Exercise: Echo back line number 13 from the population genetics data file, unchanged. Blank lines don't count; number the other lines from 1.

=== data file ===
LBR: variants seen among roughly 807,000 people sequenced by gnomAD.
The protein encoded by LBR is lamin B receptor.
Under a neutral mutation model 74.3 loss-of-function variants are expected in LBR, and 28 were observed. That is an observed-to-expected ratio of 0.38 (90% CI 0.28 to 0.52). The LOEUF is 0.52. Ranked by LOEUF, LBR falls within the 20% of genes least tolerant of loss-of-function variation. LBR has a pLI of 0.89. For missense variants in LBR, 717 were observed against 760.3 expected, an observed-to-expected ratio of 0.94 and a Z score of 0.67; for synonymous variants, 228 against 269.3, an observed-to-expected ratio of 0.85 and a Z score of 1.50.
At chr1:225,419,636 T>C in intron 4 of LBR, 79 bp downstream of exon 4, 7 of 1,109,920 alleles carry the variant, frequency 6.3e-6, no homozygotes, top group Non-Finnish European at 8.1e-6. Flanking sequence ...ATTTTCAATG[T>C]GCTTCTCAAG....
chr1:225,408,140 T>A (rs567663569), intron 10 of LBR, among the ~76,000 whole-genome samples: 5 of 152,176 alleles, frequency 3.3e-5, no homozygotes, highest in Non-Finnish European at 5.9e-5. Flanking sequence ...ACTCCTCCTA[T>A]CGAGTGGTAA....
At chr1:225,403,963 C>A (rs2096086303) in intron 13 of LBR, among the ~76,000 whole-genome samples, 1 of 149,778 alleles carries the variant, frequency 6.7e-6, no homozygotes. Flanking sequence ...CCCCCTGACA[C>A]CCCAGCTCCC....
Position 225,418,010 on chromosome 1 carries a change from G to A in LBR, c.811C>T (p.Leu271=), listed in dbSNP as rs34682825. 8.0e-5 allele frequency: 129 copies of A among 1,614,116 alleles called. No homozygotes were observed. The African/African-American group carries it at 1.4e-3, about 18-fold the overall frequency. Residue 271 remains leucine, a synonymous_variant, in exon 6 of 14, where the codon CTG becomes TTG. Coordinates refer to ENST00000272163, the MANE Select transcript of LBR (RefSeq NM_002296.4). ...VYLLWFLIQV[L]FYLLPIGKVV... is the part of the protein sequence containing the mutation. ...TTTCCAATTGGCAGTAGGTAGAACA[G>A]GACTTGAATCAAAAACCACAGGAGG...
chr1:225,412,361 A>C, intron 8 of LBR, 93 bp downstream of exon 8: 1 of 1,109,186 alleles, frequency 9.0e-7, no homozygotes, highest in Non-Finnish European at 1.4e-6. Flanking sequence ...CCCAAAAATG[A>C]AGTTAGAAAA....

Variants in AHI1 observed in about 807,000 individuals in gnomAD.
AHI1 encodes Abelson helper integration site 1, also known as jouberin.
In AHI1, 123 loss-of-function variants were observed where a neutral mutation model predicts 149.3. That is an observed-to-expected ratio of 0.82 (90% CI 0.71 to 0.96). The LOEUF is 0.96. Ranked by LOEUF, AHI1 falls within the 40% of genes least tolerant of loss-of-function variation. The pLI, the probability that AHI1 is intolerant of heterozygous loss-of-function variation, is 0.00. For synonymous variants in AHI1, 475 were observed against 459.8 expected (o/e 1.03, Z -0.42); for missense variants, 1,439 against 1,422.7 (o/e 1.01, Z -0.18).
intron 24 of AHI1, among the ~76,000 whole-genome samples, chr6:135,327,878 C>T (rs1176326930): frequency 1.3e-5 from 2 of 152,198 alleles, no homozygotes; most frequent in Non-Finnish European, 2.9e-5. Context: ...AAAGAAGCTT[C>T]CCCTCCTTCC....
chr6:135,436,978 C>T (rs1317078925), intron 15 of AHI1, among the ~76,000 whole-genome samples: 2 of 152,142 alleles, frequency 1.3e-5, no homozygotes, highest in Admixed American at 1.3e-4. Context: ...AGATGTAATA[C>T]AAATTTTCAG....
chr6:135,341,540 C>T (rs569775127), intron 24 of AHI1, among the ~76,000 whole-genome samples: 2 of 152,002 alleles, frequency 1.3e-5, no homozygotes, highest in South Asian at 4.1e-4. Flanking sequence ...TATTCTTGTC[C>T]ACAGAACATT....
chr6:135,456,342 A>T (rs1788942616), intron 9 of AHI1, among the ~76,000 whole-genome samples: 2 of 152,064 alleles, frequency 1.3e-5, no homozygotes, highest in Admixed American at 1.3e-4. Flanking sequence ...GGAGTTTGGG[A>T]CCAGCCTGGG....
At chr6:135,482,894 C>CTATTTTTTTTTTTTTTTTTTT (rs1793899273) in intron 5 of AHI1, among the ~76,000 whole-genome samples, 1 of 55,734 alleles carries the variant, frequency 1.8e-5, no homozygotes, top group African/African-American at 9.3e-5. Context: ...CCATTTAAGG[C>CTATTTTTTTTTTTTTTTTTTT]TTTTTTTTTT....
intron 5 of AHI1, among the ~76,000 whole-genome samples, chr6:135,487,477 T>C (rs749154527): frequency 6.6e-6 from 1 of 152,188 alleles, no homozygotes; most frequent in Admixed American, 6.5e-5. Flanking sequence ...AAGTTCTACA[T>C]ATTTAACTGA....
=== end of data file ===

chr6:135,436,978 C>T (rs1317078925), intron 15 of AHI1, among the ~76,000 whole-genome samples: 2 of 152,142 alleles, frequency 1.3e-5, no homozygotes, highest in Admixed American at 1.3e-4. Context: ...AGATGTAATA[C>T]AAATTTTCAG....